Mother's Day Makes for a Short Trip

I had to get back to the east coast to see my mother for Mother's Day so this was a quick 3 day trip.

Paint

During the last trip we applied the second coat of Amerlock 2/400 to the starboard side.  We are using the Amerlock as a primer. This trip we followed with the first coat of PSX700 below the bumper.  Since Fir has nearly no water or fuel on board, we are able to reach what will be underwater when she is fully provisioned.

After some experimentation with barges and painting methods, we settled on a makeshift float, pictured below.  It's narrow profile kept the wind effect at a minimum while giving us access to low points on the hull.  Because the material is relatively soft, we could get very close without scratching our previous work. 

Eric and Chris apply the PSX700 top coat to the lower fantail with brush and rollers.

Eric and Chris apply the PSX700 top coat to the lower fantail with brush and rollers.

The first coat of PSX700 on the starboard side.

The first coat of PSX700 on the starboard side.

Access

Access to the boat has been problematic. We have been using a step ladder from the floating dock to the buoy deck.  The combination of a ladder on a dock that hasn't been maintained makes moving heavier supplies punishing to say the least.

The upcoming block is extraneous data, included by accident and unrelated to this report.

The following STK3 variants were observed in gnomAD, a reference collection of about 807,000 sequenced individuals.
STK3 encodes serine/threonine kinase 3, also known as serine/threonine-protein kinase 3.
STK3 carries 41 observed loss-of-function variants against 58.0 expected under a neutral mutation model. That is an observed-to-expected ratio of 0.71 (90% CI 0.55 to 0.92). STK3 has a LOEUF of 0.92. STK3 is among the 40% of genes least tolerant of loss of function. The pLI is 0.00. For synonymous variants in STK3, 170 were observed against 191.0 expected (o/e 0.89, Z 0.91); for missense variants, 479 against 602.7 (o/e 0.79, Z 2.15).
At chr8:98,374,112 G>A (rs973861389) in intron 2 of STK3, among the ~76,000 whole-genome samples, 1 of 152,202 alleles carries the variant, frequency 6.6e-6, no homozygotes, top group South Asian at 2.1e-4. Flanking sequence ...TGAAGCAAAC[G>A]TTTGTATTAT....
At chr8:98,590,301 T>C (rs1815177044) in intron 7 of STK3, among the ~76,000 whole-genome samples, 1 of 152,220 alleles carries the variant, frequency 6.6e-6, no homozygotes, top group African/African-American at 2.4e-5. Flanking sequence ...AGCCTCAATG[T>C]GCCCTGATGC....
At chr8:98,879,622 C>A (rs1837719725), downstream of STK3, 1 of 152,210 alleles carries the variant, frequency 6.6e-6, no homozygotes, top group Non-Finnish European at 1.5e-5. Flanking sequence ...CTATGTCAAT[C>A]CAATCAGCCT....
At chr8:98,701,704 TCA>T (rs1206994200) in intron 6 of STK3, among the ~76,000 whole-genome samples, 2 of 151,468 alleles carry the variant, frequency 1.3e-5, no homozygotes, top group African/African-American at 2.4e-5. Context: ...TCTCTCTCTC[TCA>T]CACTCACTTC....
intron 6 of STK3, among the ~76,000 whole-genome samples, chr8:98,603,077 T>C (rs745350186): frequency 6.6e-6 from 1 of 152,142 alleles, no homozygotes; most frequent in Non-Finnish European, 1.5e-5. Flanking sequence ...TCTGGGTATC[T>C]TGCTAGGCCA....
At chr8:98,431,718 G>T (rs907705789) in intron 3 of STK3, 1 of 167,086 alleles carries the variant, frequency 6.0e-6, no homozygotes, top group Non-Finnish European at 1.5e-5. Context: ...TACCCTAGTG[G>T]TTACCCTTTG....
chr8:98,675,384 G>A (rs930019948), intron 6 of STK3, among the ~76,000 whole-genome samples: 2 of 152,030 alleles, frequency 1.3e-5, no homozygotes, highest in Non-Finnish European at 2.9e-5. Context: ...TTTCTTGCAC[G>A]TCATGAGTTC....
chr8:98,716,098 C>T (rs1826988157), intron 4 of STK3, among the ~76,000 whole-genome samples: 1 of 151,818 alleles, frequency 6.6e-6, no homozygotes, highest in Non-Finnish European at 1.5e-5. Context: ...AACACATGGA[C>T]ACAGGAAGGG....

Fir originally had a 01 deck door.  At some point, a previous owner welded the door shut.  We need this door to load the provisions that we require -- not the least of which is motor oil whose fill station is just inside the door. 

Joe and Chris by the new entrance. The door is 7/8" of steel weighing in at about 800lbs. Joe lowered it for the first time using a chain fall.

Joe and Chris by the new entrance. The door is 7/8" of steel weighing in at about 800lbs. Joe lowered it for the first time using a chain fall.

A secondary issue is the vegetation (hyacinth) that has grown between the shore and the floating dock.  Since the marina is no longer maintained where Fir is moored, the hyacinth has become so thick that it has managed to push Fir from shore.  In addition to the excess vegetation, Fir cannot be accessed on the port side, which happens to be where the door is located.

Joe and Chris used a small boat to break up the mass of plants, dragging clumps into the channel by anchor.   With this work done, we ought to be able to move a barge to the door for loading. 

 
Clearing the vegetation.jpg
 

Potable Water

We have drained all of Fir's 6 potable water storage tanks, (with the exception of water in the day tank for cleaning).  This has been important for three reasons:

We need to insure that the boat is not leaking. Fir's water tanks are built into the hull. The bottom and sides of each water tank is the hull. When the tanks are filled, the hydrostatic pressure inside and outside of the tank is nearly equal so it is impossible to tell if the hull portion of the tank is leaking.  Emptying and drying out the tanks is a critical step in checking the condition of the hull. This area had not been tested by our surveyor because the tanks were full during inspection.